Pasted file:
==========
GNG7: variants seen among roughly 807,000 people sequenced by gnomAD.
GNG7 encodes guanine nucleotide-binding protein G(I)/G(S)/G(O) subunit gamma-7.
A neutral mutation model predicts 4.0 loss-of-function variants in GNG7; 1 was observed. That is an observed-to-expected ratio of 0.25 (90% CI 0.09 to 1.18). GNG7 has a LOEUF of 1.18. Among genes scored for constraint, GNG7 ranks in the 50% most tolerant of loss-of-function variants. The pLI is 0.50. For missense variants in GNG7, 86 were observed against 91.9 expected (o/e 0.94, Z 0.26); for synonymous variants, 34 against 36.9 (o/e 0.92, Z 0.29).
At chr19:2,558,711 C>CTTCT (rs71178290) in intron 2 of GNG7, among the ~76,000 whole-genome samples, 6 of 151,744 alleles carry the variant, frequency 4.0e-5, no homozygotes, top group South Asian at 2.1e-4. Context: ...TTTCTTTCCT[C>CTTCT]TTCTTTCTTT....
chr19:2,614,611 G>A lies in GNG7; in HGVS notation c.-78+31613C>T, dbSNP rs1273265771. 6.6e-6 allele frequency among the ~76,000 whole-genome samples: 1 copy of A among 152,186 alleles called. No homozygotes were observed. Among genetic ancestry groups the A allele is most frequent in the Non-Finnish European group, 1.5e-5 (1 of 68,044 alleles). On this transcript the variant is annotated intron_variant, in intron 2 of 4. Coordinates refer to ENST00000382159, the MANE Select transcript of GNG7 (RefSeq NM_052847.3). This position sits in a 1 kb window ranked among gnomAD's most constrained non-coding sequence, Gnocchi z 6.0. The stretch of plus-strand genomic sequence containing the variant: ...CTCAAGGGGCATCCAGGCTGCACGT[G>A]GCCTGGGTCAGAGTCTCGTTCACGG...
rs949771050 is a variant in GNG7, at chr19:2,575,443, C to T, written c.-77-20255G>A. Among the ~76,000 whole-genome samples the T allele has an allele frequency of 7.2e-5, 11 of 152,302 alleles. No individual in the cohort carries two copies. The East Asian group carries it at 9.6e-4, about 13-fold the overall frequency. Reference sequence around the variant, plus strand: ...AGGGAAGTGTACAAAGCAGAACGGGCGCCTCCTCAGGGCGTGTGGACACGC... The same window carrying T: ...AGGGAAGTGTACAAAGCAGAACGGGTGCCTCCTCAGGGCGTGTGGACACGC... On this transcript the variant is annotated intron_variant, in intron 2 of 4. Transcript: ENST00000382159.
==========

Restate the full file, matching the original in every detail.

GNG7: variants seen among roughly 807,000 people sequenced by gnomAD.
GNG7 encodes guanine nucleotide-binding protein G(I)/G(S)/G(O) subunit gamma-7.
A neutral mutation model predicts 4.0 loss-of-function variants in GNG7; 1 was observed. That is an observed-to-expected ratio of 0.25 (90% CI 0.09 to 1.18). GNG7 has a LOEUF of 1.18. Among genes scored for constraint, GNG7 ranks in the 50% most tolerant of loss-of-function variants. The pLI is 0.50. For missense variants in GNG7, 86 were observed against 91.9 expected (o/e 0.94, Z 0.26); for synonymous variants, 34 against 36.9 (o/e 0.92, Z 0.29).
At chr19:2,558,711 C>CTTCT (rs71178290) in intron 2 of GNG7, among the ~76,000 whole-genome samples, 6 of 151,744 alleles carry the variant, frequency 4.0e-5, no homozygotes, top group South Asian at 2.1e-4. Context: ...TTTCTTTCCT[C>CTTCT]TTCTTTCTTT....
chr19:2,614,611 G>A lies in GNG7; in HGVS notation c.-78+31613C>T, dbSNP rs1273265771. 6.6e-6 allele frequency among the ~76,000 whole-genome samples: 1 copy of A among 152,186 alleles called. No homozygotes were observed. Among genetic ancestry groups the A allele is most frequent in the Non-Finnish European group, 1.5e-5 (1 of 68,044 alleles). On this transcript the variant is annotated intron_variant, in intron 2 of 4. Coordinates refer to ENST00000382159, the MANE Select transcript of GNG7 (RefSeq NM_052847.3). This position sits in a 1 kb window ranked among gnomAD's most constrained non-coding sequence, Gnocchi z 6.0. The stretch of plus-strand genomic sequence containing the variant: ...CTCAAGGGGCATCCAGGCTGCACGT[G>A]GCCTGGGTCAGAGTCTCGTTCACGG...
rs949771050 is a variant in GNG7, at chr19:2,575,443, C to T, written c.-77-20255G>A. Among the ~76,000 whole-genome samples the T allele has an allele frequency of 7.2e-5, 11 of 152,302 alleles. No individual in the cohort carries two copies. The East Asian group carries it at 9.6e-4, about 13-fold the overall frequency. Reference sequence around the variant, plus strand: ...AGGGAAGTGTACAAAGCAGAACGGGCGCCTCCTCAGGGCGTGTGGACACGC... The same window carrying T: ...AGGGAAGTGTACAAAGCAGAACGGGTGCCTCCTCAGGGCGTGTGGACACGC... On this transcript the variant is annotated intron_variant, in intron 2 of 4. Transcript: ENST00000382159.